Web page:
Finally, turn the needle back to the middle. This is the part of the dial occupied by dwarfism. Difference or defect? Diversity or pathology? It is a politically charged debate with consequences not just for the dwarf population, but — in an age of prenatal testing and the promise (and threat) of genetic engineering, at a time when our increasing acceptance of difference is matched only by our growing ability to eradicate it — for all of us.

Nowhere does this debate rage louder than within the dwarf community itself. On the Dwarfism List, an Internet forum with nearly eighteen hundred subscribers, that I had a hand in founding and continue to help run, there is little agreement on the difference/defect divide. Some frankly define dwarfism as a genetic defect. Others are quick to respond, "God doesn't make mistakes." This is supposedly the show-stopper for the religious-minded, though it conveniently circumvents the matter of whether, say, infants born without brains are evidence that God occasionally takes a day off.

The whole reason for the debate, I suspect, is that although dwarfism is a disability (in itself a controversial assertion in some circles), it's a different kind of disability. In contrast to a person who is blind, or deaf, or uses a wheelchair to get around, a person with dwarfism — in most instances, anyway — is fully in possession of all of her physical abilities. A dwarf looks not so much like a person with a disability as she does a member of a different race, or even a different type of human. As the medical anthropologist Joan Ablon writes:

Within the context of populations labeled as physically different, the situation of the dwarf is made more complex and ambiguous for the average-sized perceiver than is that of a person with a missing limb or an impaired sensory organ, since in the case of many dwarfs, there is nothing really "wrong" or dysfunctional about any one part of them. The person is just smaller, or in the case of disproportionate dwarfs, the body is in a different form, but it is all there, and all part of a piece, with each part fitting into a harmonic, although different, whole.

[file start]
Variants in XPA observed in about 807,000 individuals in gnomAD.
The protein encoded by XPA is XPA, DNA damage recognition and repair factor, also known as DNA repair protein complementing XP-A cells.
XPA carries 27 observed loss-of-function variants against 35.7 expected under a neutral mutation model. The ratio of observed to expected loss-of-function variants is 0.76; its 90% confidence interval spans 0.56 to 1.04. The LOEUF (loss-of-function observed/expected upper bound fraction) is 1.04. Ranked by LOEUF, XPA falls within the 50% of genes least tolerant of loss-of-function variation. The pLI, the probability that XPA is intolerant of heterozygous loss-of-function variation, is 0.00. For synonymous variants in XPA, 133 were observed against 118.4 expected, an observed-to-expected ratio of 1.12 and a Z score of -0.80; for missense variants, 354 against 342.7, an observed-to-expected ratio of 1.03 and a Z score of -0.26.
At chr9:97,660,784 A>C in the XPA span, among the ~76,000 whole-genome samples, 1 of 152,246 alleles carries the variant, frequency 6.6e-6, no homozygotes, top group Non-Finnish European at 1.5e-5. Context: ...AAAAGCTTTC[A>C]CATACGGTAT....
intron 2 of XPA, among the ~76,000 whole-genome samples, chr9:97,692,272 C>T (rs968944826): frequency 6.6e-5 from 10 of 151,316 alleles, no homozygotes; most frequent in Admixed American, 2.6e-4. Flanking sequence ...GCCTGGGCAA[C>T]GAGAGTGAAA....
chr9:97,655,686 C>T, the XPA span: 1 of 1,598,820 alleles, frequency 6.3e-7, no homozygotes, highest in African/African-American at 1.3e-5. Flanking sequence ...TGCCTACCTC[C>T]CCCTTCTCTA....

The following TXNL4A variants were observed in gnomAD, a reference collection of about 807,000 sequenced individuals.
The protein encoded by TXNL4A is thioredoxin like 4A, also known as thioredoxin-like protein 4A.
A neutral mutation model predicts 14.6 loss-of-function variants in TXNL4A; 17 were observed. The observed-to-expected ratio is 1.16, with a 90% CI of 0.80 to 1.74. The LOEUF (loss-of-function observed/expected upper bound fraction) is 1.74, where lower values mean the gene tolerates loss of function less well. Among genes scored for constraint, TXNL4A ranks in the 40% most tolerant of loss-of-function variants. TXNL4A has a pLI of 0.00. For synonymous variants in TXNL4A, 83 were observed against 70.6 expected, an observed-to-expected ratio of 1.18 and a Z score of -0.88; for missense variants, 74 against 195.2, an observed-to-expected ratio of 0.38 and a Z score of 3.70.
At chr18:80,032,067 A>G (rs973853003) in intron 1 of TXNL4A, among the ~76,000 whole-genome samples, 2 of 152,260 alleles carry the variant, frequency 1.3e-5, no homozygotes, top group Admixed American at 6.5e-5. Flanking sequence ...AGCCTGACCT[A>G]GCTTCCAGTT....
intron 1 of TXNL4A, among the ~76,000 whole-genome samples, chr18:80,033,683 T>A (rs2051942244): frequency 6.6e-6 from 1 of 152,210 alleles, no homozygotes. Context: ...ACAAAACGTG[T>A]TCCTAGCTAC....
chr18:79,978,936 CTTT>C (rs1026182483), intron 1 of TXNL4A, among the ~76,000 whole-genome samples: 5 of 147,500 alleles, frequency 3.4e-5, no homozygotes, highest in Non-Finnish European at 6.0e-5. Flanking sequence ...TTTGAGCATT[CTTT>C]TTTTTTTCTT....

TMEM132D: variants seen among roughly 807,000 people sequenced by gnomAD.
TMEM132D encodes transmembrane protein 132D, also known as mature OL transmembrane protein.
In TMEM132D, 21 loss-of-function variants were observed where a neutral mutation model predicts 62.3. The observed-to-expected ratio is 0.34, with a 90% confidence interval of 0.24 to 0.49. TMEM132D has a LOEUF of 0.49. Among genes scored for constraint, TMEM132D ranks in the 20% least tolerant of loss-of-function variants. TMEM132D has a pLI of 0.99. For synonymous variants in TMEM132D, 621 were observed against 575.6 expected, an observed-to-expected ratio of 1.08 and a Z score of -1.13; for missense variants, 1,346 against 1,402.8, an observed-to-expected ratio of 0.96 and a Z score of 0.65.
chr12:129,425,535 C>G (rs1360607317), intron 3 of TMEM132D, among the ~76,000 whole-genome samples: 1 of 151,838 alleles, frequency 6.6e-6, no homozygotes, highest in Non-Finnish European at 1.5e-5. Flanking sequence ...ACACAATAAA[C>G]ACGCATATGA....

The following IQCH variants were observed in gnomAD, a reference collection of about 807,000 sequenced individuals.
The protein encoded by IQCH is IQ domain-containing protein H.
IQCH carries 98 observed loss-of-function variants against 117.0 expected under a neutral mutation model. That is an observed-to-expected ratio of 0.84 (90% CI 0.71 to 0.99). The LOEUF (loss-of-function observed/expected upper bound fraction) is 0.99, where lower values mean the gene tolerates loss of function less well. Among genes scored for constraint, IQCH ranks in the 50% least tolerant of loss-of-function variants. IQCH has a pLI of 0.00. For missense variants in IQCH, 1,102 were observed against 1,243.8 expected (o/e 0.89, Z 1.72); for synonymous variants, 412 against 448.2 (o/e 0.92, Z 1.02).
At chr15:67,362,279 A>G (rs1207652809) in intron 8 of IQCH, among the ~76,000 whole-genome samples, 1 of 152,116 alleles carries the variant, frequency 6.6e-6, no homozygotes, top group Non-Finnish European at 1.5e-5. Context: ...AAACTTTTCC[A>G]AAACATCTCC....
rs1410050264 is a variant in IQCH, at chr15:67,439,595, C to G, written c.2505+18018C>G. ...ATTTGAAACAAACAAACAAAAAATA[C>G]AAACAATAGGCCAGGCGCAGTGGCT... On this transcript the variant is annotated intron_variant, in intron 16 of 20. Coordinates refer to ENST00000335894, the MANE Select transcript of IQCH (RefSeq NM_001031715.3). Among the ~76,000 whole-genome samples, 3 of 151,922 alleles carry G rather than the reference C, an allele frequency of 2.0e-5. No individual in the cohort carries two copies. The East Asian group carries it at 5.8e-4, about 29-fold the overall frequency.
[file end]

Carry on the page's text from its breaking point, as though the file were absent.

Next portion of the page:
Thus, according to Ablon, dwarfism is a disability, but it's a socially constructed disability. People with dwarfism are disabled not by the lack of some physical function, but by a culture that perceives there is something wrong with them — "something wrong, but not too wrong," Ablon writes — and that discriminates against them by denying them opportunities that it routinely grants to the average-sized majority. Such discrimination can take the form of refusing to alter the human-made environment — lowering door handles, elevator buttons, toilet seats — in order to accommodate dwarfs' short stature. Or it can be more explicit: refusing them a job or admission to a school, or staring and pointing and laughing at them in public places.

The world doesn't have to be inaccessible. Learn about the Seven Principles of Universal Design on POV's Freedom Machines website.

But wait. Most disabilities, not just dwarfism, are socially constructed to a greater or lesser degree. It seems intuitively correct to say that a dwarf is not disabled in the same way that a blind person is disabled, but is that really true? For instance, if an ATM is so high that a little person can't reach it, how is that any different from a blind person's being unable to see it? If a deaf person attends a lecture and cannot hear, then he is disabled; but if there is a sign-language interpreter standing next to the speaker, then his disability disappears — or becomes meaningless, which is more or less the same thing. For some years now, a segment of the deaf community has denied that deafness is a disability of any kind. Activists have sought to elevate American Sign Language to the level of, say, English or French, and have denounced cochlear implants — surgically inserted devices that restore hearing in certain types of deafness — as the cultural equivalent of genocide. Personally, I think a middle position is appropriate. Deafness, like blindness or paralysis is a real, physical limitation. But thinking about it primarily within its social context — a context that the hearing majority has the power to change — helps us create a better, more inclusive world.